St Mark's Campanile

The bell tower of the Basilica of St. Mark's Campanile (Campanile di San Marco) is one of the major tourist attractions of the city and a symbol of Venice. In 2012, they celebrated its 100th anniversary.

About St Mark's Campanile

The construction of the bell tower on old Roman foundations began in the 9th century and has since been redesigned and reconstructed several times. Throughout the centuries, most times it was damaged by lightning, but today's 98.6 meters high tower of bricks that rises at the famous St. Mark's Square, in front of the homonymous Basilica, actually is a true copy of the old bell tower, which collapsed on 14 July 1902.

In early July 1902, on the north wall of the tower there was a big crack. A few days later, a bell tower collapsed, destroying it to the ground and a lodge at the base. For Venetians this event represented kind of a "miracle" because the bell tower crash behaved as "a real gentleman" - not anyone killed or injured, but one cat that lived in the loggia.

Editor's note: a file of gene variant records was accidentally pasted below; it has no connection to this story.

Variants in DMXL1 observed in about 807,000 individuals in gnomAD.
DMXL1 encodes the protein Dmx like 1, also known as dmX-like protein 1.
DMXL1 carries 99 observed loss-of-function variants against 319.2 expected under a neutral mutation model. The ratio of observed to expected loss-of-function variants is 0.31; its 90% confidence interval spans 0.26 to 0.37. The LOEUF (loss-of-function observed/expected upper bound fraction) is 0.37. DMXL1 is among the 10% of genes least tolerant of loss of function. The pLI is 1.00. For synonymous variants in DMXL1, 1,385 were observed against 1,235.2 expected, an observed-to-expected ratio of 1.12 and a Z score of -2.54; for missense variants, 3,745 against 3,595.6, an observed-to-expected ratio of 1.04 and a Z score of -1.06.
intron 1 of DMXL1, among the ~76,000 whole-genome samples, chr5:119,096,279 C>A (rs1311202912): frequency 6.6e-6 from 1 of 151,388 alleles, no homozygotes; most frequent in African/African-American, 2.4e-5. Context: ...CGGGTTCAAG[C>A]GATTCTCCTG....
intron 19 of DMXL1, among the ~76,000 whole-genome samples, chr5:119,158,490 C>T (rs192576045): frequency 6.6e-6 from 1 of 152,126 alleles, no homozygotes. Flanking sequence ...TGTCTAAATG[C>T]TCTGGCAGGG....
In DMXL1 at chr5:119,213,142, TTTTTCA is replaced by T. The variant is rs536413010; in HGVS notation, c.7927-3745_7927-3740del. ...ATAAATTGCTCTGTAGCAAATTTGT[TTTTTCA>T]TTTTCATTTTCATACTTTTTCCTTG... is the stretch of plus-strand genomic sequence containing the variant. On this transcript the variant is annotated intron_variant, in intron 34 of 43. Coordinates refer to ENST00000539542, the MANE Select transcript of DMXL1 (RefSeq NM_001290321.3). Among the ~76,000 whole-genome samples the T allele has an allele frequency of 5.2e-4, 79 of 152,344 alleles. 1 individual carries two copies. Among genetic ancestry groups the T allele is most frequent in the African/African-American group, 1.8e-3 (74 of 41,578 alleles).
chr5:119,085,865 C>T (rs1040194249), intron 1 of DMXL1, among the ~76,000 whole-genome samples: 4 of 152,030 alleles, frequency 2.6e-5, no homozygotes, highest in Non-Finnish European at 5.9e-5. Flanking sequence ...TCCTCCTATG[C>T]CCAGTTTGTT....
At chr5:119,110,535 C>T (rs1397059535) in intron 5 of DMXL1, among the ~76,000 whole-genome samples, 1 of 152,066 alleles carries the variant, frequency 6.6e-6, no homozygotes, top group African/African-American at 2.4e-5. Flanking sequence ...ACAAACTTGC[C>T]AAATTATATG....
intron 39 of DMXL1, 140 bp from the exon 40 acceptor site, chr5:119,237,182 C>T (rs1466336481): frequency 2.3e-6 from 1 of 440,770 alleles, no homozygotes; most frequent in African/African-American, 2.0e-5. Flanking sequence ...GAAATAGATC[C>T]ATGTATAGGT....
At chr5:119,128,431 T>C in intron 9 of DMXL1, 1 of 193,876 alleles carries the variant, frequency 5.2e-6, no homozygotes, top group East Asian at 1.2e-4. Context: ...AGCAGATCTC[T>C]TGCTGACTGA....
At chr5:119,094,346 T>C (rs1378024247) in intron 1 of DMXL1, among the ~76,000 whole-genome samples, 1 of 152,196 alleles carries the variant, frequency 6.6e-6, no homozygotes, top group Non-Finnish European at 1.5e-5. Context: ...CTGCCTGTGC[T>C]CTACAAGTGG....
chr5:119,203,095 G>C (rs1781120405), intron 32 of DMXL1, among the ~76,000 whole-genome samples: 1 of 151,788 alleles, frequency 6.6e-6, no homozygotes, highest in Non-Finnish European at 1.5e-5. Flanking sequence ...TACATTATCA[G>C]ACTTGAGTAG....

The construction of a new bell tower began immediately after clearing the land and lasted ten years, and from the original five bells just one survived, and that the greatest called Marangon.

From the ruins emerged a new tower with the identical look and old material. It is now safe to climb to the top of the bell tower elevator that takes max 14 people.

The famous bell tower of St Mark's Square is a great place where you can see the entire city and the surrounding islands. Apart from the fantastic views, and if you are lucky and istempirate visit during the ringing, the above will be welcomed by the plaque with the inscription that the steeple used and Galileo to demonstrate his telescope.

The tower is 98.6 meters high.

The colons of tourists who want to climb gets smaller by the end of the day. Admission is 6 pounds. You can visit it from 9 am to 9 pm.

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Photos of St. Mark's Campanile